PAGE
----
In our previous “Real World Examples” post, we focused on Behavior Management. Keeping with the Classroom Organization domain, Productivity is our next dimension of exploration. Looking through the CLASS lens, teachers who are high in productivity have a classroom that work like a well-oiled machine. Everyone is aware of the expectations and how things work in each part of the day. There is little instructional time lost during the day. In real life, we often do not stop to think about what makes a day more or less productive. By being intentional in how we structure our time, we can better understand the benefits of productivity in the classroom.
The Example: Studying for Finals
Many of us can relate to being an adult learner. And adult learning sometimes means exams, as in the end of semester finals. There may be multiple subjects to study and various ways to do so. After you finish preparing for one subject, there are still others to choose from (Choice when finished). Minimizing distractions allows optimal learning to take place. Notifying friends and family when your study hours are and turning off electronic distractions is a must (Few disruptions). Before beginning to study, you have organized and gathered all the supplies you need (Effective completion of managerial tasks). And finally, to reward yourself at the end for all that hard work, you plan to choose something fun to do (choice when finished).
The Example: Driving to Work
Everyone has their own morning routine, such as taking the same route to work or school every day. When a routine is in place, there is little time lost due to confusion or wandering because the route never alters. The rules and instructions have been established and practiced many times (Students know what to do, Little wandering). Every now and again a detour sign or a blocked road throws off our routines and routes. When this happens, we find ourselves wandering. We search for the next step or look for guidance to a more familiar route. Turning on our GPS tracker and following the instructions get us back on track (Clear instructions).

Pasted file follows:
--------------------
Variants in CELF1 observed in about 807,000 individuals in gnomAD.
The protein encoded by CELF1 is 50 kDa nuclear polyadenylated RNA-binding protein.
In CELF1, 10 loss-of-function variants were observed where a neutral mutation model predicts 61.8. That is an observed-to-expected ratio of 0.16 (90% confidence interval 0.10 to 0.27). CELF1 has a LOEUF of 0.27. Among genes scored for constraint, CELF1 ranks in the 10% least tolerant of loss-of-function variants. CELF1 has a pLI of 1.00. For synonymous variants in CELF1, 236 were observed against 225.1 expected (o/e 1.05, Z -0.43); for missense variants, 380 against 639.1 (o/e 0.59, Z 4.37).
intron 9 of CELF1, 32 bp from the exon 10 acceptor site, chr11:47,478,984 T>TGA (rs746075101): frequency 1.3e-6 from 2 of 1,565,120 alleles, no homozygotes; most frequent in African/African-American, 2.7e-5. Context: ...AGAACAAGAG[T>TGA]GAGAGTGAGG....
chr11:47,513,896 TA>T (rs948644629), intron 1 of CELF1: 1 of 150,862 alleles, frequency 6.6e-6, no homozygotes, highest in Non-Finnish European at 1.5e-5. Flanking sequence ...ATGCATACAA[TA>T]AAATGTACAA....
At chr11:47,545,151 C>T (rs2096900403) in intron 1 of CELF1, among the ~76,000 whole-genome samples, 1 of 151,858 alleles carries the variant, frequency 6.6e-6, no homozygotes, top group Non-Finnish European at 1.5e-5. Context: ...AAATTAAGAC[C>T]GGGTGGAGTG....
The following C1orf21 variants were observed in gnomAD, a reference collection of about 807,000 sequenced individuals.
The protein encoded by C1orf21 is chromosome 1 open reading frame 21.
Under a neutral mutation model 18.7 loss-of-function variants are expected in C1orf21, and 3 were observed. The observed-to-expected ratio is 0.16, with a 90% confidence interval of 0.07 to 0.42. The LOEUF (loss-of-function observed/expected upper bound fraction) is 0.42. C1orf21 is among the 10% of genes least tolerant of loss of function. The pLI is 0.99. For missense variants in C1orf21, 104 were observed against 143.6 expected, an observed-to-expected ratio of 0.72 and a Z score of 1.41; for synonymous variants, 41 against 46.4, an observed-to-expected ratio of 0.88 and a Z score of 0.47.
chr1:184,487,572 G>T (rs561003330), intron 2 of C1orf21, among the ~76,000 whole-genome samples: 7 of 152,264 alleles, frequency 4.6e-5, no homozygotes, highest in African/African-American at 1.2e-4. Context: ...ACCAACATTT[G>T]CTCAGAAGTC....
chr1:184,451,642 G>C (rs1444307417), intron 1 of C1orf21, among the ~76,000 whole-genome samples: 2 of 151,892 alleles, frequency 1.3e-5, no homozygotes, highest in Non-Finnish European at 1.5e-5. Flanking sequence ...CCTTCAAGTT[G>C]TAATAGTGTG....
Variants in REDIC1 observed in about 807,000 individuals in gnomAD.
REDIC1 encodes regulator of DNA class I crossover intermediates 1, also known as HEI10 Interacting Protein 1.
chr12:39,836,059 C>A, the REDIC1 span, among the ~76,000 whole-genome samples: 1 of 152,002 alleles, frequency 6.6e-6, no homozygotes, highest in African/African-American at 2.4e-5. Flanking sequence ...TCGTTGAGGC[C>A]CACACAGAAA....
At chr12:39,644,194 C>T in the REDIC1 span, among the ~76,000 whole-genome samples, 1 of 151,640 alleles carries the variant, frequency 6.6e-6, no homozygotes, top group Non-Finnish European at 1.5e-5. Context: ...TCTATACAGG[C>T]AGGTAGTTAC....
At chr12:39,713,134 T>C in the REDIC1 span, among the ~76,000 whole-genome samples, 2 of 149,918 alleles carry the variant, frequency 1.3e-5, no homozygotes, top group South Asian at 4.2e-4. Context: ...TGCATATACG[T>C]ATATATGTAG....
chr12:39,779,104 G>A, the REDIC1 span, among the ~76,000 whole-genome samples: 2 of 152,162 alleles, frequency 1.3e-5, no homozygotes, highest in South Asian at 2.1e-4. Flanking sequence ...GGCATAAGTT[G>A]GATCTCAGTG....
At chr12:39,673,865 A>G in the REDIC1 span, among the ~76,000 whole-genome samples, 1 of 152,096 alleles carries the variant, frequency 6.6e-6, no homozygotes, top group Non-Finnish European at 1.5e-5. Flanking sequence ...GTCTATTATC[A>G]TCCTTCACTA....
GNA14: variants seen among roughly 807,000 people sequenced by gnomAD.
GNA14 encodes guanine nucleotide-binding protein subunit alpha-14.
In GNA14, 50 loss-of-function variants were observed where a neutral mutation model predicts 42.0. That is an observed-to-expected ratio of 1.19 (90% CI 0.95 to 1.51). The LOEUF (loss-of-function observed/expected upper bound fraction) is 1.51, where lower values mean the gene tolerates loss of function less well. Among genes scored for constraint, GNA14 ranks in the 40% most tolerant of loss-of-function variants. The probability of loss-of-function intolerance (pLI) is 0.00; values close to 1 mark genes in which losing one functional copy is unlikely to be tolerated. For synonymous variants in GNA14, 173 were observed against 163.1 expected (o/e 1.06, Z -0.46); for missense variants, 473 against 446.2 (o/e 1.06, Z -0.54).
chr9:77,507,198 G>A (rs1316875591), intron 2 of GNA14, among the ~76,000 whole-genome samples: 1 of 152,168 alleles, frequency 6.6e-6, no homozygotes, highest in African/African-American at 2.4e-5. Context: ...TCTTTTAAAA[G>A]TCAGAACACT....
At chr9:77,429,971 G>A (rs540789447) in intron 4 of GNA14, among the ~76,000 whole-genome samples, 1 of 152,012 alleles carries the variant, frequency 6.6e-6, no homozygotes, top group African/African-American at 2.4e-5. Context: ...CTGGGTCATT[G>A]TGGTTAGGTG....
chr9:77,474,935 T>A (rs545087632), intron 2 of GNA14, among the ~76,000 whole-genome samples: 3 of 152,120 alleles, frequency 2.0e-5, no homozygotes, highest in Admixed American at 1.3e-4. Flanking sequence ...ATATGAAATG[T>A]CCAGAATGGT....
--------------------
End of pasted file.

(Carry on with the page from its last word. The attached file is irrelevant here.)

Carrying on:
The Example: Airport Security
Sometimes we don’t think about how transitions happen in our adult lives, but when you stop and look, they are all around! Take airport security, for example—especially when it is running efficiently (and sometimes it does)! To get to the first security checkpoint, one must wait in a long line. During this wait, security agents begin talking to the crowd. You find out what is not allowed through the checkpoint, and how to prepare to go through the scanner (Embeds a learning opportunity within the transition). Once through the checkpoint, travelers send their luggage through a scanner. Then, you walk through the second checkpoint. This organized system, with all pieces working together, makes the transition from security to the concourse move quickly (Brief).
The Example: Party Planning